With so much talk of trade wars, slowing global growth, yield curve inversions and impending recessions, it's time for the blue chips to shine.
We're more than a decade into an economic expansion. Bull markets don't die of old age, though with volatility on the rise and serious storm clouds looming on the horizon, it seems prudent to focus on quality holdings. But the time to speculate is over. When focused on proven winners trading with attractive valuations that offer investors reliable passive income, Comcast (CMCSA) - Get Free Report stands out as a great long-term investment with market-beating potential.
Comcast is probably known best as a cable and internet provider, though the company has built itself into a well-diversified global media company over the years. Content distribution remains a key cog in Comcast's operations and the company continues to gain market share in the internet space. Comcast also has impressive content creation operations via NBC Universal and Universal Studios. Comcast has more than doubled NBCUniversal's cash flows since acquiring the company in 2011.
The company recently acquired Sky, giving it international market share, allowing it to better compete in the ongoing streaming wars. Comcast also has theme park assets and competes in other experiential entertainment markets like video games/eSports.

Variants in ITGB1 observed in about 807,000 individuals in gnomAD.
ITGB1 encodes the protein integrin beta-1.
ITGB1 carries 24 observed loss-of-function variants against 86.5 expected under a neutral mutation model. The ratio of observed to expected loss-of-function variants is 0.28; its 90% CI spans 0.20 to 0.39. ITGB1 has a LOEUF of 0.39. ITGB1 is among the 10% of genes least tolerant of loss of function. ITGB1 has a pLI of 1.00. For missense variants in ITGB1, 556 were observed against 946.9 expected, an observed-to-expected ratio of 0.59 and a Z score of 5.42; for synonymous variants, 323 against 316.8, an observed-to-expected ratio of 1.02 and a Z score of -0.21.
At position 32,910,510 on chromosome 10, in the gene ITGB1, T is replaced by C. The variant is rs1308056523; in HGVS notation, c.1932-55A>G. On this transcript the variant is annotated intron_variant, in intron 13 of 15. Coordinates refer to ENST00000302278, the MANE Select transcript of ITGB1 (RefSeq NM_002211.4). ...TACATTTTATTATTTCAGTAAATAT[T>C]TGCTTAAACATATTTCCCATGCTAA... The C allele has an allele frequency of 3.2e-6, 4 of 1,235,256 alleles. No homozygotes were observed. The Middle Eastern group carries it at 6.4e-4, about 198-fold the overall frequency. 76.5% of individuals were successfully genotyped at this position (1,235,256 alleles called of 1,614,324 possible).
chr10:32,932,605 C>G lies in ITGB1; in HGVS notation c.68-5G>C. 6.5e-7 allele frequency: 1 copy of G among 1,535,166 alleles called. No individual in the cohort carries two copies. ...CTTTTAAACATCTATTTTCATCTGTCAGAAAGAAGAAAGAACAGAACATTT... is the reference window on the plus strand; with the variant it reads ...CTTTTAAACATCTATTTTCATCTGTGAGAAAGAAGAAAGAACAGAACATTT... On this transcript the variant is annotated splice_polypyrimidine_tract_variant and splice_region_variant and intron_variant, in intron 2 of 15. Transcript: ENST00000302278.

In recent weeks, Comcast shares have held up very well. The S&P 500 is down roughly 4.4% from its all-time highs whereas Comcast shares are down only 3.4%. And Comcast has outperformed its largest rival in the media space, Disney (DIS) - Get Free Report , by an even wider margin. After a disappointing second quarter, Disney shares are now down approximately 7.2% from their 52-week highs.
Looking back to the Great Recession, we see that Comcast also slightly out-performed the market during that rough patch. From the highs in 2009 to the lows in 2007, Comcast shares fell 52%. This was slightly better than the negative 55% performance that the S&P 500 posted during the same period of time. Yet, it's important to note that Comcast managed to grow revenues and earnings per share during this period, making it one of the rare companies in the market that posted growth while the sky appeared to be falling around it.
Year-to-date, this out-performance holds up as well. The S&P 500 is up roughly 15.5% during 2019 thus far, with Disney up roughly 24.5% during this same period of time. Comcast shares, however, are up an impressive 28.7%, nearly doubling the year-to-date performance of the broader averages.
Yet, even after this relative outperformance, Comcast's valuation remains attractive. Shares are trading for just 15.1x trailing twelve month earnings-per-share. Analysts expect Comcast to produce bottom-line growth of 20% in 2019, so using that forward looking estimate, we see that Comcast is trading for 14.2x 2019 expectations.
2019's double digit EPS growth isn't expected to be a one-off either. Right now, the current analyst consensus estimate for Comcast's 2020 EPS is $3.42, which represents additional growth of 11% next year. Looking out 16 months, Comcast is trading with a forward price-to-earnings ratio of just 12.8x. In short, Comcast boasts one of the more impressive price-to-earnings-growth (PEG) ratios that you'll find in the S&P 500.